In any situation?academic, professional, and personal?setting goals is a given. After all, we’ve been told, It’s impossible to achieve without first defining what that achievement is going to be.
But this isn’t an article about goal setting. In fact, It’s recommending just the opposite.
A recent Harvard Business Review article convinced me that placing too much emphasis on goals can actually hurt us in the long run. At first look, the concept seems strange and even disconcerting, since it flies in the face of nearly all the self-help wisdom we’ve encountered since elementary school. But the author makes some good points. Focussing too much on achieving goals as an end result as opposed to an ongoing process can cause us to cut corners, take on an ends-justify-the-means approach, and lose motivation. Worse, the overly narrow focus encourages us to put on blinders, missing opportunities and overlooking potential problems.
But without clear-cut goals, how to avoid distraction? The phrase ?we’re all a little bit ADHD? isn’t necessarily medically accurate, but we’ve all experienced how life and its myriad of distractions can keep us from getting anywhere. While in theory a goal-setting session might help combat distraction, perhaps a better tactic would be to look at the present rather than toward the far future. As the Harvard Business Review author suggests, ?[instead] of identifying goals, consider identifying areas of focus.?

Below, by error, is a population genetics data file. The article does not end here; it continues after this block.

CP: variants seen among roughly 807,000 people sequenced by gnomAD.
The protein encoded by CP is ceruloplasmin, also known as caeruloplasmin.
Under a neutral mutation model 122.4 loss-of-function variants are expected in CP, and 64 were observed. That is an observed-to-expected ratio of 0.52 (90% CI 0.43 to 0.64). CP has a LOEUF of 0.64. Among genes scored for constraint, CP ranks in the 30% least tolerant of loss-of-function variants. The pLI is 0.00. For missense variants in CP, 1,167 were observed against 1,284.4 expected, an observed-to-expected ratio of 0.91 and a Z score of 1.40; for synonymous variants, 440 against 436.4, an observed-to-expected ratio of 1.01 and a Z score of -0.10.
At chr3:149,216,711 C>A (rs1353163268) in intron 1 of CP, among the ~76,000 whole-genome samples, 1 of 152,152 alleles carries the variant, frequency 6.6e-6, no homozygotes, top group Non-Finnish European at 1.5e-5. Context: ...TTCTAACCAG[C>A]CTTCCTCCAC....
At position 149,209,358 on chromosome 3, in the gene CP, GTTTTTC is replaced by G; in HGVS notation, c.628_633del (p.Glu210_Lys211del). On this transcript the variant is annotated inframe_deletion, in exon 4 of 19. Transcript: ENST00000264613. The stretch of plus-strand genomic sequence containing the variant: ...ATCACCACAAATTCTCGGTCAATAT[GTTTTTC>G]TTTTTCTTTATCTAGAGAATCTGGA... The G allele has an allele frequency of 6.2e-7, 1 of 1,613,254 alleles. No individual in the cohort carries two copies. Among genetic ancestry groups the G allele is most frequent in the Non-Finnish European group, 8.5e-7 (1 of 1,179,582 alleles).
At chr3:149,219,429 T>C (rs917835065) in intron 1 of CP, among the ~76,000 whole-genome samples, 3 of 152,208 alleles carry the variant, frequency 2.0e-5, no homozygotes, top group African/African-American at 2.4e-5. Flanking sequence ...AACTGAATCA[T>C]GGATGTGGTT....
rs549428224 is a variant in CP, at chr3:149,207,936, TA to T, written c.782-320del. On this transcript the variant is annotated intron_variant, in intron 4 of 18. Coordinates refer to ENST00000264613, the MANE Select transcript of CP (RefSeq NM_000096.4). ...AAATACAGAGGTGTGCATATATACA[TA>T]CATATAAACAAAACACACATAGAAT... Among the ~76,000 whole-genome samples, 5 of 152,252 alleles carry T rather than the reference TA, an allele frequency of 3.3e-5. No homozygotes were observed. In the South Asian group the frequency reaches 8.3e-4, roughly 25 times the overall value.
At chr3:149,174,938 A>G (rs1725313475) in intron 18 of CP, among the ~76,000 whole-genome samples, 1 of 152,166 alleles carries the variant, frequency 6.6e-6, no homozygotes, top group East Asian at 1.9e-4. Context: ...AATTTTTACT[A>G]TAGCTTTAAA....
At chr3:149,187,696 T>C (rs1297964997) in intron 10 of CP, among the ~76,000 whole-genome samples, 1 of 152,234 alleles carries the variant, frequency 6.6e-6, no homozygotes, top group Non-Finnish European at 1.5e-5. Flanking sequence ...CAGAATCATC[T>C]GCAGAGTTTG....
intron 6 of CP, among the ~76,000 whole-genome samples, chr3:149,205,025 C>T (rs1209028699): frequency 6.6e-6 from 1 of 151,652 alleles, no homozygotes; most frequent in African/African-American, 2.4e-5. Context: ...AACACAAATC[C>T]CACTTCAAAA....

Identifying areas of focus forces us to decide where and how we want to spend our time?with the unspoken idea that we’re working to further the aspects of our lives that are most important to us.
To get started, an excellent resource is the Zen Habits blog’s piece, ?72 Ideas to Simplify Your Life.? While the premise is simple?author Leo Babauta advises the reader to ?Identify what’s most important to you [and] [eliminate] everything else??in real life, It’s a little more complex. That’s where Babauta’s 72 ideas come in. Through a series of questions, he helps readers evaluate their commitments, goals, and dreams, and determine what, essentially, they need or want to focus on.
In a way, It’s a thought process that guides us beyond goal setting and achieving and allows us to focus on goal seeking and pursuing. After all, creating a list of proposed achievements doesn’t necessarily help us arrive at our destination when we’re still trying to sort out our conflicting commitments (and keep from being distracted by the ?noise? of our busy lives).
And when we’re forced to concentrate on the here and now as opposed to the future, we do a better job of ensuring that our time and energy are in fact focussed on the things that really matter to us?the half-formed ideas and concepts that mean we’re following our dreams now, not just hoping to attain them in the future.